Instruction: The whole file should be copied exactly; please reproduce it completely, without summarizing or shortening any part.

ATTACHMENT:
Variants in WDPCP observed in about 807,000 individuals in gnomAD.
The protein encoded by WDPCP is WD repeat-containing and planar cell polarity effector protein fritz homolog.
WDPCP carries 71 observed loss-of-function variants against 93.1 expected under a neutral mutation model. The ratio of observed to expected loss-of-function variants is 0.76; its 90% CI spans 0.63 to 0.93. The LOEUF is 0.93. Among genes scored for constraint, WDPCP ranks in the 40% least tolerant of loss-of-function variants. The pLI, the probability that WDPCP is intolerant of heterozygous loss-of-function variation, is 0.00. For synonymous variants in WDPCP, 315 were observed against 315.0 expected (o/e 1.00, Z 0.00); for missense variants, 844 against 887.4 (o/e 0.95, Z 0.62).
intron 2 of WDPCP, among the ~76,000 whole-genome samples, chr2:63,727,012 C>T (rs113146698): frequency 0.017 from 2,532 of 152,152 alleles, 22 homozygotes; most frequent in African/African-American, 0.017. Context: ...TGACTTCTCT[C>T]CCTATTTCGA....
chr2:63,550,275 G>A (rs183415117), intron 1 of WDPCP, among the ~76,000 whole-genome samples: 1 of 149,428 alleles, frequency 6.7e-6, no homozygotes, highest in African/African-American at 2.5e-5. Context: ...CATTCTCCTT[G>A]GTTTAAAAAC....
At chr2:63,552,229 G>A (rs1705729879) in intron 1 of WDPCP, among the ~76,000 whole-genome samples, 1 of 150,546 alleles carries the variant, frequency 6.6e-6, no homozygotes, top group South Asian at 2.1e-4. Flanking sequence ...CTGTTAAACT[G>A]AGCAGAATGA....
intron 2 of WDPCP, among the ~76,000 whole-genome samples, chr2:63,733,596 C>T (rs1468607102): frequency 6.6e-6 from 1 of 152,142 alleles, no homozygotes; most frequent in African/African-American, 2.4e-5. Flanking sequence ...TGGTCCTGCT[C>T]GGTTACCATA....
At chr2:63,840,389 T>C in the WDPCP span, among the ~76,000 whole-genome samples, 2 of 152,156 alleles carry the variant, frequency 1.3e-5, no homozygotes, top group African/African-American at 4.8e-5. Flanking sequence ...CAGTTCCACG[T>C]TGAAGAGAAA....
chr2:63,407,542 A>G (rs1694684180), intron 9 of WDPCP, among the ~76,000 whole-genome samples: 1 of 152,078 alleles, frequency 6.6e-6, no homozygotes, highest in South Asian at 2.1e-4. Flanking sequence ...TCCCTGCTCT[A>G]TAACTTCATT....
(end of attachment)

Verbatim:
Variants in WDPCP observed in about 807,000 individuals in gnomAD.
The protein encoded by WDPCP is WD repeat-containing and planar cell polarity effector protein fritz homolog.
WDPCP carries 71 observed loss-of-function variants against 93.1 expected under a neutral mutation model. The ratio of observed to expected loss-of-function variants is 0.76; its 90% CI spans 0.63 to 0.93. The LOEUF is 0.93. Among genes scored for constraint, WDPCP ranks in the 40% least tolerant of loss-of-function variants. The pLI, the probability that WDPCP is intolerant of heterozygous loss-of-function variation, is 0.00. For synonymous variants in WDPCP, 315 were observed against 315.0 expected (o/e 1.00, Z 0.00); for missense variants, 844 against 887.4 (o/e 0.95, Z 0.62).
intron 2 of WDPCP, among the ~76,000 whole-genome samples, chr2:63,727,012 C>T (rs113146698): frequency 0.017 from 2,532 of 152,152 alleles, 22 homozygotes; most frequent in African/African-American, 0.017. Context: ...TGACTTCTCT[C>T]CCTATTTCGA....
chr2:63,550,275 G>A (rs183415117), intron 1 of WDPCP, among the ~76,000 whole-genome samples: 1 of 149,428 alleles, frequency 6.7e-6, no homozygotes, highest in African/African-American at 2.5e-5. Context: ...CATTCTCCTT[G>A]GTTTAAAAAC....
At chr2:63,552,229 G>A (rs1705729879) in intron 1 of WDPCP, among the ~76,000 whole-genome samples, 1 of 150,546 alleles carries the variant, frequency 6.6e-6, no homozygotes, top group South Asian at 2.1e-4. Flanking sequence ...CTGTTAAACT[G>A]AGCAGAATGA....
intron 2 of WDPCP, among the ~76,000 whole-genome samples, chr2:63,733,596 C>T (rs1468607102): frequency 6.6e-6 from 1 of 152,142 alleles, no homozygotes; most frequent in African/African-American, 2.4e-5. Flanking sequence ...TGGTCCTGCT[C>T]GGTTACCATA....
At chr2:63,840,389 T>C in the WDPCP span, among the ~76,000 whole-genome samples, 2 of 152,156 alleles carry the variant, frequency 1.3e-5, no homozygotes, top group African/African-American at 4.8e-5. Flanking sequence ...CAGTTCCACG[T>C]TGAAGAGAAA....
chr2:63,407,542 A>G (rs1694684180), intron 9 of WDPCP, among the ~76,000 whole-genome samples: 1 of 152,078 alleles, frequency 6.6e-6, no homozygotes, highest in South Asian at 2.1e-4. Flanking sequence ...TCCCTGCTCT[A>G]TAACTTCATT....